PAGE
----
When my agent was marketing A Spell of Murder, the first of my “Witch Cats of Cambridge” cozy series, we received an interesting query: Would I consider recasting the book, which is narrated by a cat, so that at least 80% of it was narrated by a human?
The query came from a reputable publisher, and it was at that point as close as we’d come to selling the series. (The series is now with Polis, and the fourth book, To Conjure a Killer, comes out Nov. 14.) My agent at the time urged me to consider it seriously. I did – and that query made me ask myself a vital question: Who was at the center of my story?
We writers talk a lot about voice and point of view (POV). But all of that depends on one question: Who do we want to be telling this story? Who, really, matters?
The answer isn’t always obvious. In my case, Becca Colwin is the apparent center of my “witch cat” mysteries. Not only is she the central human character – which means we human readers should be able to relate to her – she’s also the hapless human who has set herself up as a witch detective, despite her not having any real magical powers. Her struggles, therefore, are at the center of the series books, up to and including To Conjure a Killer.
But that didn’t make her my POV character. That publisher was right: she could have been. It can be exciting to have the main character telling the reader about every clue and twist. But it can also be limiting.
Odds are, especially if you’re writing a mystery, your main character will miss some clues or misinterpret others. It can help, then, to have someone else narrating. And when I started writing my “witch cats” books, I instinctively went in another direction.
It might be useful here to review what we mean by voice. For starters, there’s first-person narration: the “I” narration. “The most amazing thing happened to me,” you tell your friends. This voice has a freshness – the experience happened to the narrator! Plus, it lets you show what your narrator thinks and feels about a situation (“I was so furious, I could’ve killed him. But I didn’t”). However, it also limits the writer. All you can write about is what this character saw or heard or tasted, with no outside perspective.
Second person is the “You” voice. “You saw what happened. You were there.” This voice has an immediacy, but it’s hard to maintain and seldom used. You try writing something entirely in the second person. You’ll see.
Then there’s third person. This is the classic for storytelling. The “once upon a time” option, or in my case, it would have been: “Becca stepped cautiously into the dark alley, unaware that a body lay at its end.” The broadest of these allows a God-like omniscience: your narrator knows everything, which – as you can see – can bring along its own problems. Granted, you the writer can choose what to reveal and what not to, but if your narrator already knows it all, creating suspense can be troublesome.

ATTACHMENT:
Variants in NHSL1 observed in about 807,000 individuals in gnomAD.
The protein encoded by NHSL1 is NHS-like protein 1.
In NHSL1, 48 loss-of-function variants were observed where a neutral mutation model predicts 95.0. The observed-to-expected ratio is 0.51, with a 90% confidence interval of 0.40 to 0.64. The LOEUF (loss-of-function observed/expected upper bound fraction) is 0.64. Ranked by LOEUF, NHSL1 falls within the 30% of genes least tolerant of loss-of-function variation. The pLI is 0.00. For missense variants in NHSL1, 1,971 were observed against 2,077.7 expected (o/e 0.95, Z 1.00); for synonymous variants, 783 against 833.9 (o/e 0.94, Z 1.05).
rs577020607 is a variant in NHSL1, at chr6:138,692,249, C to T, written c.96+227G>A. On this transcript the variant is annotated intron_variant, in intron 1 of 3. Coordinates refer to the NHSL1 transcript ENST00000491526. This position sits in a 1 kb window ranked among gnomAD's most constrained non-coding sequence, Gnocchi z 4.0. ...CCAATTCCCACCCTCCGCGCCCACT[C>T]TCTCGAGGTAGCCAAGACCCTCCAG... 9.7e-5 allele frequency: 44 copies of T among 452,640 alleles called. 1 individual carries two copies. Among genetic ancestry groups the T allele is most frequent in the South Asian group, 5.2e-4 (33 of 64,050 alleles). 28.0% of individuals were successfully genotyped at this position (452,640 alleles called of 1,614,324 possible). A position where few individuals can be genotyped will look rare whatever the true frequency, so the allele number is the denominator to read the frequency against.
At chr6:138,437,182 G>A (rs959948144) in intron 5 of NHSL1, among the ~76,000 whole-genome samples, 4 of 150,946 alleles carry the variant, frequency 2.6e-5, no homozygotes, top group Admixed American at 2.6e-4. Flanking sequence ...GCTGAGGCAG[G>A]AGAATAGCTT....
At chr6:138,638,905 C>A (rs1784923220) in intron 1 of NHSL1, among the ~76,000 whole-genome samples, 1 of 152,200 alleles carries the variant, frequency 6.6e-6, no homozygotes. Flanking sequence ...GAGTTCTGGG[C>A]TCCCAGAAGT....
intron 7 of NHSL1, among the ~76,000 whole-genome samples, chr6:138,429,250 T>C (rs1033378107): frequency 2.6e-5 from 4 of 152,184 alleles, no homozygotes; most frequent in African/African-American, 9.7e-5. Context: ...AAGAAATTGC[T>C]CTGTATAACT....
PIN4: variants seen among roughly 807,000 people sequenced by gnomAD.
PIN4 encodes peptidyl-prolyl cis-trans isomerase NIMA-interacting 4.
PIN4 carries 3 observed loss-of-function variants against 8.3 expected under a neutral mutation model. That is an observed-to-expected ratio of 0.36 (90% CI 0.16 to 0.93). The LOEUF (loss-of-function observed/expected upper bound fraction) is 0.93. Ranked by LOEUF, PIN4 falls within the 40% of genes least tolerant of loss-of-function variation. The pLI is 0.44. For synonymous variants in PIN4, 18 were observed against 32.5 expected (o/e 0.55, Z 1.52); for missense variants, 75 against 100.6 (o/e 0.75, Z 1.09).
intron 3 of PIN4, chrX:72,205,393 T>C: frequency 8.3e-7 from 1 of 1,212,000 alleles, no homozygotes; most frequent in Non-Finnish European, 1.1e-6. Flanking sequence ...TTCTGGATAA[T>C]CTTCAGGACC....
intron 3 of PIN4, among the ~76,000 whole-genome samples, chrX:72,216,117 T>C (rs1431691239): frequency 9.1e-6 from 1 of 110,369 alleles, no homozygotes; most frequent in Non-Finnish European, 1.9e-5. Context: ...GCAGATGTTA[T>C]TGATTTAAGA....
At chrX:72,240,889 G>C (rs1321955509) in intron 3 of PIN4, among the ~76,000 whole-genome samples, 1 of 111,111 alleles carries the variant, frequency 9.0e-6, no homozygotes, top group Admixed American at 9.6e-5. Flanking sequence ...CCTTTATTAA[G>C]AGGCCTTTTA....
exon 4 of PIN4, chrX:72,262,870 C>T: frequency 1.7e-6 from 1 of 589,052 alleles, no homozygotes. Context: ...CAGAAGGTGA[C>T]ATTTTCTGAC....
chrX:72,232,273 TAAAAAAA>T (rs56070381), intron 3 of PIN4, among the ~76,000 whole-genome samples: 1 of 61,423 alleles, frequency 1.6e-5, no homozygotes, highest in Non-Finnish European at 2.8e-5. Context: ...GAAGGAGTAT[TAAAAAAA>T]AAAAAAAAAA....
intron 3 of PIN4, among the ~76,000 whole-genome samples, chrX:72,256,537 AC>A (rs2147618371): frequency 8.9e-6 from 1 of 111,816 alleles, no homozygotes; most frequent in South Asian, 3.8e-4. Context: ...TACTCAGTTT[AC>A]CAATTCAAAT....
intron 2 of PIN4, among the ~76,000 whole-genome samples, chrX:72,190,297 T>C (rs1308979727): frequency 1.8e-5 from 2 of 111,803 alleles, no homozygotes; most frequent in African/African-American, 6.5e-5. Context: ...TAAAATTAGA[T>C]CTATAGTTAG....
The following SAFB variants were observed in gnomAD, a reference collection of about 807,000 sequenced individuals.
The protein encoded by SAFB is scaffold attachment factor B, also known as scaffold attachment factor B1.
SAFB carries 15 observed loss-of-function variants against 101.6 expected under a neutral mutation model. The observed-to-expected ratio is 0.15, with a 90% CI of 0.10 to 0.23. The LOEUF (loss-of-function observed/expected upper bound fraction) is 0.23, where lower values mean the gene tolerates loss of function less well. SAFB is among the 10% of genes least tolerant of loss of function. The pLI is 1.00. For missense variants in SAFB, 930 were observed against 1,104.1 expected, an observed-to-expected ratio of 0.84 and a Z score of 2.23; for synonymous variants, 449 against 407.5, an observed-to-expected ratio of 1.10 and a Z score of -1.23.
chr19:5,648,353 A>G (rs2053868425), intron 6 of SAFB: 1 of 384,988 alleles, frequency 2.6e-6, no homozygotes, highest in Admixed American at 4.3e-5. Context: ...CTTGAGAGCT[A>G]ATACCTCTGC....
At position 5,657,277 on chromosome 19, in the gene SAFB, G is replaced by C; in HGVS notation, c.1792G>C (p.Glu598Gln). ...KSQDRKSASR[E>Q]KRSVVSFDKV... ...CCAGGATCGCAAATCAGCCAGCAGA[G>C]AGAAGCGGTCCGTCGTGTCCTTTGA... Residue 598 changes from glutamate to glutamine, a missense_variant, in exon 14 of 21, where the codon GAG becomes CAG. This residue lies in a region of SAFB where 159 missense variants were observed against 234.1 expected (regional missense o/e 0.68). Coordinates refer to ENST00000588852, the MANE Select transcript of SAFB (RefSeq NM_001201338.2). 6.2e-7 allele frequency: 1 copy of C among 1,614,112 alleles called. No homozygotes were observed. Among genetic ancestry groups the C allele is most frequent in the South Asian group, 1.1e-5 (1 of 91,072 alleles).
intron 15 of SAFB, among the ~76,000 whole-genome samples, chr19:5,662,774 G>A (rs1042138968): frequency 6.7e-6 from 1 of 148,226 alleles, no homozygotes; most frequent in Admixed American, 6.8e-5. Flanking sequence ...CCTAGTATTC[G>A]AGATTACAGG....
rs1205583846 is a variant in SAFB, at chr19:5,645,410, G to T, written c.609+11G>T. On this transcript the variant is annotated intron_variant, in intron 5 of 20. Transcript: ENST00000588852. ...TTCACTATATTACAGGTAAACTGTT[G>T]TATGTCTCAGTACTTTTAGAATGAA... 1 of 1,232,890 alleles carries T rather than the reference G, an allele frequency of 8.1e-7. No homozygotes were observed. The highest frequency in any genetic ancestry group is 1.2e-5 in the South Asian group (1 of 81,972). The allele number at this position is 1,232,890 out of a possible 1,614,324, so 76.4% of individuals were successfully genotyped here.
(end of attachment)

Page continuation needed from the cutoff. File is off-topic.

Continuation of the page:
That’s where third-person limited comes in. In my case, I’ve chosen to make Clara, one of Becca’s three cats, the primary (third-person) narrator: “The vet nodded, his generous mouth set in a line as he turned his attention back to the kitten. Clara couldn’t tell if he had heard the hesitation in Becca’s voice. …”
Now isn’t that more fun than: “Becca hesitated, which the vet didn’t seem to notice”?
Plus, Clara notes so many things as she follows Becca around and tries to keep her out of trouble. (There’s only so much one small cat can do!) She sees much of what Becca sees, albeit from a perspective closer to the ground, and because of her sharp feline senses often gets a little more out of each encounter. But because she’s not omniscient, she doesn’t always piece together the clues she runs across. That leaves something for the reader.
Plus – and this is what I think made me choose her – Clara loves Becca. She worries about her human, as any good cat will, but she also respects her intelligence and generosity. She sees the best in Becca, even as she tries to compensate for her shortcomings. If, along the way, she can make my readers feel some sympathy for my would-be witch detective, I’m content. And if she comments on any stray happenings that Becca has missed – and which might be clues for the reader to lap up – so much the better. That made Clara the heart of my “Witch Cat” books, the one I wanted telling the story.
How did you choose the POV character for your novel? Why did you make that decision? Let’s talk about it on the Career Authors Facebook Page.
Clea Simon is the author of more than two dozen mysteries, most of which involve cats, and three nonfiction books, including the Boston Globe bestseller, The Feline Mystique: On theMysterious Connection Between Women and Cats. A former journalist and New York native, she now lives in Massachusetts, the setting of TO CONJURE A KILLER, the fourth in her “witch cats of Cambridge” series. She can be found at www.CleaSimon.com and on Instagram (cleasimon_author) and Facebook (Clea Simon).